What you need to know
- Apple has shut down Clearview AI's developer account, putting a stop to the operation of its facial recognition app.
- That's because Clearview distributed it to more than 2,200 entities via Apple's Developer Enterprise Program.
- The company has 14 days to respond to Apple.
Apple has shut down Clearview AI's developer account, effectively suspending its iOS app, after it emerged that Clearview was distributing its facial recognition software via Apple's Developer Enterprise Program rather than the App Store.
As reported by BuzzFeed:
Apple has disabled the iOS application of Clearview AI — the facial recognition company that claims to have amassed a database of billions of photos and has worked with thousands of organizations around the world — after BuzzFeed News determined that the New York–based startup had been violating the iPhone maker's rules around app distribution.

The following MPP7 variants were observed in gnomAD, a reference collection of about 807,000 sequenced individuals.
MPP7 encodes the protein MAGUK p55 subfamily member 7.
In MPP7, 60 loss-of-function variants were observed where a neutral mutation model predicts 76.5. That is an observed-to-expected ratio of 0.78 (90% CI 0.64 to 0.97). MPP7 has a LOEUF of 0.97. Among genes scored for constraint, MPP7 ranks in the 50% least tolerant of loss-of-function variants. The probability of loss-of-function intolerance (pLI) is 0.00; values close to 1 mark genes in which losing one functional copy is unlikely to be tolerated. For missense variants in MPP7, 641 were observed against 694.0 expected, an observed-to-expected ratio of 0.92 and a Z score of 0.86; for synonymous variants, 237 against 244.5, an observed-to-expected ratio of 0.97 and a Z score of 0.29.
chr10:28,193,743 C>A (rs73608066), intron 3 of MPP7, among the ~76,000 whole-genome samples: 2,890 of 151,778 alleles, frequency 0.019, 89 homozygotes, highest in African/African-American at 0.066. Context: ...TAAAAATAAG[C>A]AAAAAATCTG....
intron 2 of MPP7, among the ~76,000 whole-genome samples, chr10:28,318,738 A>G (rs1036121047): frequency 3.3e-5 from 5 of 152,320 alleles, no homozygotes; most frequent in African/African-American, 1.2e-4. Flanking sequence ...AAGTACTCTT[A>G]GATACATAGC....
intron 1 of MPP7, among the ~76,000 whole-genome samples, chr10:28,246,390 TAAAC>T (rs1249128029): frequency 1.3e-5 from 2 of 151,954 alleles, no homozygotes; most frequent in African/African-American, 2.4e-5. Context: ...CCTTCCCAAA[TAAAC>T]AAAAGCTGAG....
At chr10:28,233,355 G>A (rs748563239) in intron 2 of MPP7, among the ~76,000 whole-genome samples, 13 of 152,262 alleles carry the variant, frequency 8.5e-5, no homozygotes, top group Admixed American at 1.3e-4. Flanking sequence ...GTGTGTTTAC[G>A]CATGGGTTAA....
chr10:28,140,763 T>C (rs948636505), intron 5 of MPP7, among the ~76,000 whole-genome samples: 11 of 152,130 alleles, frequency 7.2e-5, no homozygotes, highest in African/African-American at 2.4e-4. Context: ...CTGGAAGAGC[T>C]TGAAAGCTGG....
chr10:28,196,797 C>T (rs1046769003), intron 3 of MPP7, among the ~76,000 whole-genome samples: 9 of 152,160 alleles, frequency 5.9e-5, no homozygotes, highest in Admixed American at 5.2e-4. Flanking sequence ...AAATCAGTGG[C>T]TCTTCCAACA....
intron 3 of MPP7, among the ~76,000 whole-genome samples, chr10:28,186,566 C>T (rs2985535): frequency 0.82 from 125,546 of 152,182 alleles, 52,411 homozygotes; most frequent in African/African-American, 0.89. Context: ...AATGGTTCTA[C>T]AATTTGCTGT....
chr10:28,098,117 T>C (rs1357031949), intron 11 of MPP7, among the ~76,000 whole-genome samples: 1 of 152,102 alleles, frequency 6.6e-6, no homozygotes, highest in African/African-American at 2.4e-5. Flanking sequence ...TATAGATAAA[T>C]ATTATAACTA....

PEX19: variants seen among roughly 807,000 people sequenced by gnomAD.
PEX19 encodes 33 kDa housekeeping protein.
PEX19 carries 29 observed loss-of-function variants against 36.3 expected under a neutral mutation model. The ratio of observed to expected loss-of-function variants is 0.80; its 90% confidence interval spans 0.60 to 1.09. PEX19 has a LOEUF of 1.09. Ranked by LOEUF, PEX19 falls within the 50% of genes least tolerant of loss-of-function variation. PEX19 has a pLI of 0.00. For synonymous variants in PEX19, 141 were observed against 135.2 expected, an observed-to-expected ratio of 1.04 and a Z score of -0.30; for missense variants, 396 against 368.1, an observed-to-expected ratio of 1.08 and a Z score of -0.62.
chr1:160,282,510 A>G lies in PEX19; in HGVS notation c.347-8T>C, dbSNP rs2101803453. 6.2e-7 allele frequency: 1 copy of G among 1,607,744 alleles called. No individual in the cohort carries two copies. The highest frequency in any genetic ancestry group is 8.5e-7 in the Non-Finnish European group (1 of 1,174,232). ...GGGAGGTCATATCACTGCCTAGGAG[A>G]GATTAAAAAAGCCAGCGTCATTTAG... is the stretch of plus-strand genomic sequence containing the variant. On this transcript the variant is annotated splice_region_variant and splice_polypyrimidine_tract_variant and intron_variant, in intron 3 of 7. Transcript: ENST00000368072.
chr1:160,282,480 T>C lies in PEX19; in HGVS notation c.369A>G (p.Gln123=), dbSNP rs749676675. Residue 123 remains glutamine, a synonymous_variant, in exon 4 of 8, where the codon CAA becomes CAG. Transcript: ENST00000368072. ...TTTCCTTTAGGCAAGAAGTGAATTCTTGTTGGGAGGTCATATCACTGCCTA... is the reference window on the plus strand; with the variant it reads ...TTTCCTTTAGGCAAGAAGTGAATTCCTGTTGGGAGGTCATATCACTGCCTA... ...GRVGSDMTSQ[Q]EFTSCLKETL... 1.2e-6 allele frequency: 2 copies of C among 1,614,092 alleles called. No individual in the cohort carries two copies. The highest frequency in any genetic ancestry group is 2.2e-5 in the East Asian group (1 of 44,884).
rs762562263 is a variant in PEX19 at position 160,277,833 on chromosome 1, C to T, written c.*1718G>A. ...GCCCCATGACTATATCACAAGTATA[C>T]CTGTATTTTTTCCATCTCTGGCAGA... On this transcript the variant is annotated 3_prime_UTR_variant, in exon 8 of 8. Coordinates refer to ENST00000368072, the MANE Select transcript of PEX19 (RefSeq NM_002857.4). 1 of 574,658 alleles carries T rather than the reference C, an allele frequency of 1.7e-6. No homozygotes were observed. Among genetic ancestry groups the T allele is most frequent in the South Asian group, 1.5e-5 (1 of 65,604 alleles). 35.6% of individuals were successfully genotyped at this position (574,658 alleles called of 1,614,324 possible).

In distributing its app for Apple devices, Clearview, which BuzzFeed News reported earlier this week has been used by more than 2,200 public and private entities including Immigration and Customs Enforcement (ICE), the FBI, Macy's, Walmart, and the NBA, has been sidestepping the Apple App Store, encouraging those who want to use the software to download its app through a program reserved exclusively for developers. In response to an inquiry from BuzzFeed News, Apple investigated and suspended the developer account associated with Clearview, effectively preventing the iOS app from operating.
Apple told BuzzFeed that the Apple Developer Enterprise Program should only be used to distribute apps within a company, not to customers and that Clearview had violated that rule. The company has 14 days to respond to Apple. Apple has also similarly chastized both Facebook and Google for similar breaches of its App Store guidelines.
A January report from the New York Times described Clearview AI as "a groundbreaking facial recognition app" built on a database of three billion images scraped from Facebook, YouTube, Venmo and more. As the report notes, more than 2,200 public and private entities including the FBI have started using the app.